Since the advent of fortnightly wheelie bin collections fly tipping has increased threefold making LBofH one of the worst offending Boroughs in London.   A sample survey of dumping hotspots in Isleworth two weeks after the sticker initiative revealed very limited improving effect.  Hounslow Highways are tasked to remove dumped rubbish within 48 hours of it being reported; this can be done either via their website www.hounslowhighways.org or by calling 020 8583 2000.  Street litter bins should be emptied daily but dealing with the increase in fly tipping, undertaken by eight crews, has restricted their ability to complete this task to schedule.  

On a brighter note, Hounslow Highways has been responsible borough-wide for replacing with LED lanterns 15,093 street lights (including 362 heritage style).  It is claimed this has saved 55% of the Council’s annual energy bills.  Strangely several in Isleworth are still to be changed and this should be completed by the year end.

Hounslow’s state of the art Recycling Materials Handling facility at Southall Lane, Hayes opened its doors for a day in March.   Currently it processes some 500 tonnes of residents’ recycling and has the long-term ambition to take on outside contracts.  This is the reason given for it operating through a Council wholly owned limited company, Lampton 360, which provides the opportunity for profits to accrue and pass back to the Council’s coffers.   To say it is an impressive operation is an understatement.  The biggest hazard is fire – apparently countrywide there is one a day at recycling plants and this plant has already suffered one.  For this reason the massive shed where the main operations take place includes flood gates. If an occasion arises, the gates move into place to enable flooding akin to the shed becoming a massive swimming pool.  The millions of gallons of water needed for this are stored nearby in huge vats.  Smaller fires are contained by quarantining individual bays. 

During the site tour of the Recycling facility, emphasis was given to what can be recycled and what is not acceptable, with reasons for the latter.  Batteries of all descriptions are a definite “no no” being one of the biggest fire risks.  Tops should be removed from plastic bottles making it easier for them to be crushed, with it being helpful if bottles, cans, and plastic is rinsed before putting out to minimise odours.  Left over food in plastic containers renders them incapable of being recycled; likewise, plastic bags and film cannot be processed at this plant and can cause damage to the sophisticated sorting machinery employed.  A disconcerting aspect of the plant is the regular high-pitched howl of a pigeon-scarer!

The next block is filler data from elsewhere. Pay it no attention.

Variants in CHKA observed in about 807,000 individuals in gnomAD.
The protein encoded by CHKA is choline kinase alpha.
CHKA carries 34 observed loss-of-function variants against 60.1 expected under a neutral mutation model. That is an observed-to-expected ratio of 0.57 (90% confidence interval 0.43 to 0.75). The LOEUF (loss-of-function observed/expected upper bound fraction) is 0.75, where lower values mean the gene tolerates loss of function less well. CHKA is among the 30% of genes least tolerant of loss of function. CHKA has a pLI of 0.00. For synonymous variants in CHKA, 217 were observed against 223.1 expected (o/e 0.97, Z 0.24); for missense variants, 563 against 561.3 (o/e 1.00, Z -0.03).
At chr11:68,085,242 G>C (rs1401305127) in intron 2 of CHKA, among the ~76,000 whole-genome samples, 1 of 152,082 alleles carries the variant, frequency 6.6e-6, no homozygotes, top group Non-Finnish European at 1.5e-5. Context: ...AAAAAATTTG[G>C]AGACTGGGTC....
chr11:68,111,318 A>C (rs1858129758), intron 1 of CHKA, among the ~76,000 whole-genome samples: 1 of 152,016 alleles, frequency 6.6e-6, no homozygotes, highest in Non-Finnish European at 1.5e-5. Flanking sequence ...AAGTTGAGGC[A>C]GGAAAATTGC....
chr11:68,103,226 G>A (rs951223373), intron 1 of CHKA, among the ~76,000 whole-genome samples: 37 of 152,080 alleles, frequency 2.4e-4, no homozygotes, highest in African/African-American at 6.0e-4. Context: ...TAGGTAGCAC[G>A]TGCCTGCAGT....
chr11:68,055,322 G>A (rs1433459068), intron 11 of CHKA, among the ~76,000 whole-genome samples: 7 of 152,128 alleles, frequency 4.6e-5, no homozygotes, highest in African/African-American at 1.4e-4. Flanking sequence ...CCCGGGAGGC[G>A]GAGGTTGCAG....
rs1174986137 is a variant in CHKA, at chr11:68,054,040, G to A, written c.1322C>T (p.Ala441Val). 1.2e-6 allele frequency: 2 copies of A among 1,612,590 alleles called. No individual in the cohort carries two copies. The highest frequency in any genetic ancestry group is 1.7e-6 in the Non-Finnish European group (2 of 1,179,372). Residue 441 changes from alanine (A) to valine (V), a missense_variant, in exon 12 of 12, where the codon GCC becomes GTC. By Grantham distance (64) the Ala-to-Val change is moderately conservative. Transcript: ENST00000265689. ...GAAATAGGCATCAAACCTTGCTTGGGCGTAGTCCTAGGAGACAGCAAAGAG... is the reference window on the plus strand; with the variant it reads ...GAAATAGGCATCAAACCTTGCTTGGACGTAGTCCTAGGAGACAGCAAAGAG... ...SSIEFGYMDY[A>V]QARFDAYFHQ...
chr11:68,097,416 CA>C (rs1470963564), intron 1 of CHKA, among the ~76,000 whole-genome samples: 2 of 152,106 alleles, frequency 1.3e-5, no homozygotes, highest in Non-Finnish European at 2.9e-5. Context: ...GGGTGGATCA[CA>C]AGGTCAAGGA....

March proved popular for Open Day events.   The Green School for Boys held drop in sessions to explain their proposals to complete the current provision at Busch Corner, which will eventually accommodate c800 children from Year 7 to 11, with the addition of a purpose built 6th Form block.  It is proposed this will be located in Quakers Lane on the site of sister school, the Green School for Girls, to provide a full range of post year 11 subjects fulfilling a lack of local places for boys to complete their education.

Among reasons given for the Mogden Sewage Works Open Day was to enable residents to learn about the many improvements that have taken place in the recent past at what is one of Thames Water’s largest wastewater treatment works.   Tours of the site were available, nature trails and children’s activities provided, along with a chance to meet people who work there and give feedback and provide input into future investment plans.

People seem to be discovering the new riverside path from Heron’s Place to Richmond Road in front of what has returned to its original name of Isleworth House.  When implementing the link between the old and new paths damage was caused to the perimeter fencing leaving a sheer drop between path and River Thames within the new development site.  This has now been rectified.  The opportunity was also taken to raise with LBofH the need to amend signage at Herons Place which still states it is a “No Through Route”. Richmond Road would benefit from signage indicating the new path entrance and in addition TIS backed the suggestion a barrier should be installed on Richmond Road outside the entry point as a safety measure in view of the narrow pavement.  All this has been taken on board but implementation is likely to take some time.

Work at Gunnersbury Park and Museum, is progressing well with the aim the latter will open shortly where one of the new exhibition galleries will showcase its varied collection of dress and textiles which is of national importance. A great improvement can be seen in the grounds especially to the Orangery and Horse Shoe Pond, installation of wood carved sculptures adds interest and a new cygnet arrived on the Round Pond last November.  The re-built café is already open and includes space to show off the carriage collection previously rather inappropriately housed within the former Rothschild family home.

To complement re-opening of Gunnersbury an illustrated book by Val and James Bott is scheduled to be published incorporating many new discoveries about the estate’s history.  A call is also out for volunteers to help in a wide range of ways in the museum or on projects such as growing historical plants in the themed gardens.  Some opportunities already show on their website http://www.visitgunnersbury.org/get-involved, or if interested email  Angharad at HowellAn@ealing.gov.uk to find out more